Friday 30 June 2023

Flaming June!

 Any excuse for this great picture! Let's end the month with some positive things, which celebrate the joys of summer. 

There has been enough sadness - global and local - and at some moments I have found the heat almost unbearable.
But there has been time to sew, and time with family, time to share good food, time to just be and to enjoy the beauty of my surroundings. 

And to thank the Lord for his many blessings and unfailing love...
Time for Jean's delicious recipe for chicken, lemon and thyme kebabs. That's her photo by the way. So fresh and light and summery - and I had all the ingredients in the fridge, freezer and garden too.
Time to harvest my lovely beans - some we had at lunchtime, and the rest I have blanched and frozen for future days
Time to ride into Dereham on my bike. I've put the basket back on the front - and woven the stems of silk flowers through the wicker. This lot cost me a fiver on Sheringham Market last week - but they really make me feel cheerful.

What super, summery things have you done this month?

Thursday 29 June 2023

Are You Sitting Comfortably?

Well, not really. You see we have a couple of folding chairs we use in the garden, and the seat on one of them is beginning to come apart...I was afraid if Bob a larger person sat on it, it would rip and they would be stuck in the frame.
I had some strong cotton in the Great Stash. It was a small amount leftover from some caravan cushions I'd made in Dorset. Recently I'd cut a narrow strip from each edge in order to make striped straps for Kezzie's cosplay dungarees.  
If I could dismantle the chair it would be easy to make a new seat. But that did not look possible. I worked out that if I made a loop of fabric, I could manage to put it round the folded chair, lay the chair on the table, and sew the joining seam.
It was a bit of a performance working with a folded chair laying across the dining table. But it worked. I did a row of hand stitching back and front to stop the loop moving. And I did both chairs, just in case the other one started to fail. And I kept the original black seat in place as an extra strengthener.
A very satisfactory refurbishment of our £10 bargain seats. All ticking used up now!

Wednesday 28 June 2023

Feet First!

We had a quick trip round a nearby Village Yard Sale on Saturday morning. I didn't really have anything on my list [apart from a bacon roll at the Village Hall] and Bob was - as ever- on the lookout for tools. It was here six years ago that we got the high chair which has proved so useful ever since. There were quite a few "pink plastic"pitches - ones where young families are clearly getting rid of children's books, toys, clothes etc - and things are either pink plastic or festooned with unicorns or dinosaurs. Suddenly something bright green caught my eye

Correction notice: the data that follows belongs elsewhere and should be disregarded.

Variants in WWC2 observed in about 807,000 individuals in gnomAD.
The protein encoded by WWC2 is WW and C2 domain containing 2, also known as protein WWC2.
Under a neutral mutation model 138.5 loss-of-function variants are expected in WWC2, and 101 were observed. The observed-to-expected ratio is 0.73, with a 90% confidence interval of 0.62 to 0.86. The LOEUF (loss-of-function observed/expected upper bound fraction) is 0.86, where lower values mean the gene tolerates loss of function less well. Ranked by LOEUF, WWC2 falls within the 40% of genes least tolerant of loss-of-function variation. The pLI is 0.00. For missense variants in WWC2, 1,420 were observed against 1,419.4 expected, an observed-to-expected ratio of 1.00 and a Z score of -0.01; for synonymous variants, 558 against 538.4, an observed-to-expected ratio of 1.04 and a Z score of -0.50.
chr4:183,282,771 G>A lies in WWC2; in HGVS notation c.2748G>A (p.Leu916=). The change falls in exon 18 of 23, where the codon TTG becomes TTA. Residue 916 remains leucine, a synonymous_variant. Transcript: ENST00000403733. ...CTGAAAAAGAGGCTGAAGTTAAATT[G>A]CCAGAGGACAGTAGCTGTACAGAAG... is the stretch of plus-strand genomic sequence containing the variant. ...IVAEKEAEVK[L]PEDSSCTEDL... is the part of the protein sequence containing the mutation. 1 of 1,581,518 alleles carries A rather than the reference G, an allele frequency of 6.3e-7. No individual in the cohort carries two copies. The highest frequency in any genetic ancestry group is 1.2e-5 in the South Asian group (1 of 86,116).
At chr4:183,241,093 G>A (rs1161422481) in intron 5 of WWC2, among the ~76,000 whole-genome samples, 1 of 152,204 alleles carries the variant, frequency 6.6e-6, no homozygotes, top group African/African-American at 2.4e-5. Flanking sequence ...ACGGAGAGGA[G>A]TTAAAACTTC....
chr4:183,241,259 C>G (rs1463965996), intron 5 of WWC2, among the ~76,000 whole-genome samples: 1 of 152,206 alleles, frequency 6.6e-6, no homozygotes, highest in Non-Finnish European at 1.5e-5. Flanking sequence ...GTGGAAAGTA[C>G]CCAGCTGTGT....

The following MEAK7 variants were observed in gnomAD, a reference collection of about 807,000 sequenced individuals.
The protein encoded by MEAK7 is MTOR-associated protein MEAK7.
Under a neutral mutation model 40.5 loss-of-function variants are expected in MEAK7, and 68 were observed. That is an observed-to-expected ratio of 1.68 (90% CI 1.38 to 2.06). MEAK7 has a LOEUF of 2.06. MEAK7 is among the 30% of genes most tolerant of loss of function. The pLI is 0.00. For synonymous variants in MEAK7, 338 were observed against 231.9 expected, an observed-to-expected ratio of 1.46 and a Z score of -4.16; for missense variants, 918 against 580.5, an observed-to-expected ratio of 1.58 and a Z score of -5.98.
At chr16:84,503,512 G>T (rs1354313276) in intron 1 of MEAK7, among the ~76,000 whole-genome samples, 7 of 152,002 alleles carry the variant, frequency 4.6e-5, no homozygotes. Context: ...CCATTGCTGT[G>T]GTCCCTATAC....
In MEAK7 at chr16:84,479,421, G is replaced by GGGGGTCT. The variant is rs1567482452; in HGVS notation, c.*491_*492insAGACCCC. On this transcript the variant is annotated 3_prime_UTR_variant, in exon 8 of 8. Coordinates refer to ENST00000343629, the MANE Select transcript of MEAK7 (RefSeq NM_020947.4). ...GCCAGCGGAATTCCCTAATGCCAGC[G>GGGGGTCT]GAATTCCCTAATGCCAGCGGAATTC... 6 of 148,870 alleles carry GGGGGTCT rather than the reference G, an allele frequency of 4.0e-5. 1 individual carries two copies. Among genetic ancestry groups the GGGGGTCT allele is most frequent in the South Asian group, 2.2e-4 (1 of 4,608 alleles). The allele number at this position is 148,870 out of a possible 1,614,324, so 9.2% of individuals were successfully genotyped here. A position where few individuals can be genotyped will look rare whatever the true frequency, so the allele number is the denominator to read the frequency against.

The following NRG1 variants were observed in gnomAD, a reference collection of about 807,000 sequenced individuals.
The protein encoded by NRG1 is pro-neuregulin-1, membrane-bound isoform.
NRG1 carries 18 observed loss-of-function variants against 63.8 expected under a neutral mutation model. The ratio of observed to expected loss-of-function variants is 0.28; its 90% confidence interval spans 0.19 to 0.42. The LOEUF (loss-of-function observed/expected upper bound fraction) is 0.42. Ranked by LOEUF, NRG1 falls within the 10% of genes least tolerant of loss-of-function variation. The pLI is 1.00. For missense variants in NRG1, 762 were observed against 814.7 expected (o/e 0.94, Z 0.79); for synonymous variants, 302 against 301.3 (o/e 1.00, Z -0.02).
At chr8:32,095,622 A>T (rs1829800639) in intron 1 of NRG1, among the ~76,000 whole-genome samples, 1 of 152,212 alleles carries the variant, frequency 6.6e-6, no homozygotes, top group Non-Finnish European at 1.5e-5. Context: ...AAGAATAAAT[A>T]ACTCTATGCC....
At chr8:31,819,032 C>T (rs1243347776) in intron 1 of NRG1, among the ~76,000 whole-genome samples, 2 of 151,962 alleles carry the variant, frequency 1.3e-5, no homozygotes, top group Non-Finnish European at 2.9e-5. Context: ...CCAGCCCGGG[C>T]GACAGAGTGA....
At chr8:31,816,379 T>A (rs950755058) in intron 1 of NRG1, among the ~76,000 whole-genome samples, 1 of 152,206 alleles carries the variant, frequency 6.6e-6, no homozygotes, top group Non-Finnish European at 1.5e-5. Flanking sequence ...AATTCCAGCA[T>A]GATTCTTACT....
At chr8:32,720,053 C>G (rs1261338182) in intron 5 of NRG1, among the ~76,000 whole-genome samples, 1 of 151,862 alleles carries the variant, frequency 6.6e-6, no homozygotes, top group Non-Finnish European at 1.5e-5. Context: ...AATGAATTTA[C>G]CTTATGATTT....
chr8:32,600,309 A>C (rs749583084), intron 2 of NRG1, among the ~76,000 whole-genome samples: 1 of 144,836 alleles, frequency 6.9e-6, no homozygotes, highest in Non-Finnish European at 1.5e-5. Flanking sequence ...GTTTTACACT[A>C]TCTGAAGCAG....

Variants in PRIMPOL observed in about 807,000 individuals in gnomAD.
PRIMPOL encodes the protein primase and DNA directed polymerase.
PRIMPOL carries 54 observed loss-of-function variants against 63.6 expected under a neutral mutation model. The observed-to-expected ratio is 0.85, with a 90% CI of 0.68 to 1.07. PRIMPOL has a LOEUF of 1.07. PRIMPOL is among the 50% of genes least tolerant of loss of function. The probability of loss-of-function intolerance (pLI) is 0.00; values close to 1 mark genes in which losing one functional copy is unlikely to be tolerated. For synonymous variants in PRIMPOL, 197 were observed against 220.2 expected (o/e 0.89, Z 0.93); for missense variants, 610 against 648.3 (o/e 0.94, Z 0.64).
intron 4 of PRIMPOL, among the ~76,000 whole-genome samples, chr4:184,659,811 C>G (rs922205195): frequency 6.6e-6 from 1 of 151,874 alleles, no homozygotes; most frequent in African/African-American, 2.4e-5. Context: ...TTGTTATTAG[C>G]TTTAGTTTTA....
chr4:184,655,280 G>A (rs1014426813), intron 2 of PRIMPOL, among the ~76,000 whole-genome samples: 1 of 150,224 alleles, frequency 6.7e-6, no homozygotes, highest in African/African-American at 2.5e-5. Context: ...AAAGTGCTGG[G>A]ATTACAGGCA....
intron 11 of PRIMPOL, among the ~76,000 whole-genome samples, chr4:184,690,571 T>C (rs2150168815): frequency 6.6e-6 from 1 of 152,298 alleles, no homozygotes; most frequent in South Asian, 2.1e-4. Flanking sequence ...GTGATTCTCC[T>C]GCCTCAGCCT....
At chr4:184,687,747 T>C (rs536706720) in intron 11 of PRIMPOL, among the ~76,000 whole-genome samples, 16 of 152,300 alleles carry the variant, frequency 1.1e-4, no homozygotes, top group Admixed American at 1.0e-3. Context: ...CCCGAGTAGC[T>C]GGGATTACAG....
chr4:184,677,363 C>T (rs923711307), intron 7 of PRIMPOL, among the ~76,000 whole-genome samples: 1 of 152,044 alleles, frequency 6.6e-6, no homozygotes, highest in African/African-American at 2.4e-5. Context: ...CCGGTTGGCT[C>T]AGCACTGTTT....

A Clarks toddler foot gauge. I'd been talking to my good friend Amanda about these only last month. She runs the Little Acorns Toddler Group at church. The group has some 'baby scales' - with fewer baby clinics around, the mums in the village really appreciate being able to weigh their children. 
Amanda said the Mums had been talking about the hassle of getting children's feet measured. And if you do get them measured, you feel obliged to buy the shoes in that shop. A Clarks foot gauge would be useful. I said that I knew Liz had bought one on line [I think many Mums did this during the pandemic] They are about £15 [inc postage] But this was was only TWO POUNDS. I bought it immediately, and sent Amanda a message. When I got home, I cleaned it, and found that you can print off the instructions from the Clarks Website. It is a very clever system. I took the gauge to church on Sunday.
At the very end of the village, Bob saw a workshop stool. It was good quality, sturdy, and comfortable for his height, with a proper backrest. 
The seller was a really affable chap.He quoted a price, and we said we'd think about it. We went back to the Hall for a cup of tea. I suggested to Bob he should offer the guy a slightly lower price. Then the man himself came in. He chatted to the teamakers at the hatch, and explained his wife had returned so he was 'off duty' for a bit. Bob made an offer, and the guy replied "I was going to say to you that you could have it for that price - I'd rather it went to someone who is really going to make use of it"
When we got home, I discovered it is a Dauphin workshop stool, made by a top German company.  The only problem - the legs are tubular metal - but had neither castors, nor rubber ferrules on the bottom. Bob had a look through his workshop stash, and found some assorted washing-machine-transit-bolts. This are plastic tubes which screw onto the machine, and have rubber ends. But we won't be moving our machine. So he took a hacksaw to them, and stuck the rubber ends them in place with a hot glue gun. Brilliant - job done, creative recycling at its best,